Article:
Over the past few weeks I have grown weary. Mermaids Nevus has spread and thickened down her arm. For the first time EVER it cracked on her hand and began to bleed. My heart sank. Like all of us Nevus parents, we worry… will it be painful? Itchy? How much more will it grow? Will people now start saying stuff about it? Will she be able to tell me if it’s bothering her? What can I do to FIX it? Though deep down inside, I know I can’t “fix” it.
The timing seemed impeccable that just as all of this was running through my head, we had our dermatology check up. More than a check up, we were once again, meeting a new Physician. From day one of questioning my little one’s first initial “spot” at less than 24 hours old, this marked our seventh physician to now play a role in her care. Some passed it off as nothing, others perplexed, one with which – we will just say – we didn’t “click”… and now another to lay eyes and insight into our world. I am always nervous about their responses to me, how they will treat all of us, what they will advise, will they be knowledgeable?
Well, I can only say this… best appointment to date. He spoke to the given they all do when we meet someone new – no cure, little treatment, managing symptoms but then hit on the piece I have been dreading. I have been told by two separate physician’s now that the location of Mermaid’s Nevus on her hand will most likely result in surgery. The target was school age. The thought of taking the risk to put her under and the pain she would endure following the procedure is hard to swallow, though I fully understand the downfall of not having it done. With each patch that grows I feel our days are numbered. Going into this visit I was prepared to hear the dreaded words. To my surprise it was the complete opposite. I showed him before and after pictures of the wart-PEEL treatment we did and the spot now cracking and he seemed both intrigued by the product, which he had never heard of being used for this, and impressed by the results. He felt that she was still in a state of manageable care.
We talked briefly about abnormalities and he felt it would be a reasonable time to have her eyes re-checked. For those of you asking recently about the ocular abnormalities, he did confirm that cataracts could develop at any time, it is not something that would necessarily arise in the youngest of age.
He noted that her skin tone works nicely to hide a lot of her nevus which made me laugh, supported our use of the controversial wart-PEEL that contains a cancer agent and said I was doing a good job. It didn’t hurt that he also complimented my own knowledge but what I appreciated most, was that he said he trusted me. He said we do not need to return for 1-2 years unless I have a concern and to keep doing what we have been doing. At that time we will re-asses the need for surgery.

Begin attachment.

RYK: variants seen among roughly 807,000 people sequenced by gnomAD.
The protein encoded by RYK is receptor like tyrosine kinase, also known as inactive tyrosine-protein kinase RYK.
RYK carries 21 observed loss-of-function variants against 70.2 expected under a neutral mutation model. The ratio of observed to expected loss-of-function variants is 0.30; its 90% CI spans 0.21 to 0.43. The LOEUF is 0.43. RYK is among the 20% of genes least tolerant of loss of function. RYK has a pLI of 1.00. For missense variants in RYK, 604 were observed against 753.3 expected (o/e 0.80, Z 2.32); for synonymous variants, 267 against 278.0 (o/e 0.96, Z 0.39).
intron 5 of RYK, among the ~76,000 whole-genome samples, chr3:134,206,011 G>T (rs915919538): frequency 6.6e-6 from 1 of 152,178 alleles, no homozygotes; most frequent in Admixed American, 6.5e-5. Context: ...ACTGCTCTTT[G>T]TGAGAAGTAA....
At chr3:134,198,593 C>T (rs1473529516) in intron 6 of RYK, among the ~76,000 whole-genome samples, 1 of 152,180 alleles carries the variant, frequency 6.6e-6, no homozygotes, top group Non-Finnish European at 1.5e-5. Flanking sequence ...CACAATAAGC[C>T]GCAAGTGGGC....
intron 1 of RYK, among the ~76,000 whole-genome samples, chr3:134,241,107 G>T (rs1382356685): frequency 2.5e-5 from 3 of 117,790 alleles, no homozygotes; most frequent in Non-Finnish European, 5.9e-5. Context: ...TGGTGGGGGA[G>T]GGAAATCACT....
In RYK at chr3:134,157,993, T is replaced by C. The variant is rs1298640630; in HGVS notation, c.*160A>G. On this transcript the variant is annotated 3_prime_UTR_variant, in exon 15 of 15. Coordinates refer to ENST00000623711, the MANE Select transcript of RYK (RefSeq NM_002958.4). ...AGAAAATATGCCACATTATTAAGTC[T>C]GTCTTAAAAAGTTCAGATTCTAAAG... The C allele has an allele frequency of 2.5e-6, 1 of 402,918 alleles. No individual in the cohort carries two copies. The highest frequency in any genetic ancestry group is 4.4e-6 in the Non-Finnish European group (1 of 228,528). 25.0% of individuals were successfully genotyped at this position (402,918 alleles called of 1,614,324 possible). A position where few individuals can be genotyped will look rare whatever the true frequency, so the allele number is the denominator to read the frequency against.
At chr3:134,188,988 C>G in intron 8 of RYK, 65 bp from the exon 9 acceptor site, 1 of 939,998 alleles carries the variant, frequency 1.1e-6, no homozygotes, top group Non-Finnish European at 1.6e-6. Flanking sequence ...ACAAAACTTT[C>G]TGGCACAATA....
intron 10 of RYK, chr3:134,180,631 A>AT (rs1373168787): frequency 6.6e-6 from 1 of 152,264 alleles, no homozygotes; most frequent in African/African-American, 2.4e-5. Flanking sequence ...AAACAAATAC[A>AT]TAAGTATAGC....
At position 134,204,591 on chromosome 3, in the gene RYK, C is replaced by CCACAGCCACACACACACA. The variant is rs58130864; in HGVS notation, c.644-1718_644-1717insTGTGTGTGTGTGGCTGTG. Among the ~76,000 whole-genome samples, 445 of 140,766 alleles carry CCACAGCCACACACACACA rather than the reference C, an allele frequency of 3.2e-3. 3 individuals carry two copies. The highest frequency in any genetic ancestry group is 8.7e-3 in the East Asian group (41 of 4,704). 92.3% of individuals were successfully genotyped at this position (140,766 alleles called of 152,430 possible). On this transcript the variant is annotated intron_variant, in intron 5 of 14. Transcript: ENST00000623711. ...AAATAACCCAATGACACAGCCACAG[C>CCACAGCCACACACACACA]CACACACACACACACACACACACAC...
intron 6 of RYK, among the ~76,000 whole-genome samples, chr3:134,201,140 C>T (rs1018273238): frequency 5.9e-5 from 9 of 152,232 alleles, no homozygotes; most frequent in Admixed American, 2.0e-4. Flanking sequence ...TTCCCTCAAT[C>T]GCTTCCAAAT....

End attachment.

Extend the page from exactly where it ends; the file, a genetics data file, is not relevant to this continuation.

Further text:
It was short, to the point and felt amazing to leave knowing that as a family, we are doing all the right things.
Moving forward we will schedule another eye appointment with the specialist and continue to search the world for helpful products, and of course… share the outcome with you! Speaking of… seems like it’s time for a new trial!
With the new growth and being in swimsuits, dresses and tank tops over the summer I have wondered about more kids seeing it or asking about it and how she handles that. Picking her up from school one day last week one of her teachers shared a cute little story with me about Mermaid loving bumblebees. I said ya, her Dad taught her they are nice and she pets them at home and we have made some products for her skin with beeswax. She has said to me many times that the nice bees make honey for her scales and it’s adorable to hear her make that connection. Her teacher said she noticed her Nevus and asked Bailey what happened, her response? “Oh those are my Mermaid Scales” and just moved on.
It brought me comfort knowing that even when brought to her attention by someone, she is not ashamed nor phased nor hesitant to answer about her uniqueness. It made me feel proud to hear of her confidence.
It doesn’t matter what your differences are, be them seen by the naked eye or something internal, it’s how we handle what we were dealt. It took me a long time to get here, to feel confident both in my own understanding of her disease and making sure she knows it’s ok. I didn’t get here alone though, whenever I feel like we have a success, I feel like I owe thanks to those who helped it come about. My dear friend Aindrea who is across the country not only introduced me to the treatment for her hand and walked me through it but has remained at my side through this entire journey since our first encounter with one another(one day we will get to have the biggest hug ever) and to all my family, who have never treated her differently and encouraged my path of finding more knowledge. Last weekend I saw my Mom kiss Mermaid’s scales on her hand, letting her know she see’s them, but loves them. Of course, lastly, to each one of you reading this, whether it’s because you love my Mermaid and enjoy hearing about her journey or find yourself looking for answers and support through our path to relate in your own nevus world, we know you are here and appreciate you. It’s the small things that get us to big places.
Here’s to hoping we have many more successful months ahead of us!
To being confident and finding acceptance, we thank you all!
Thanks for walking with us today,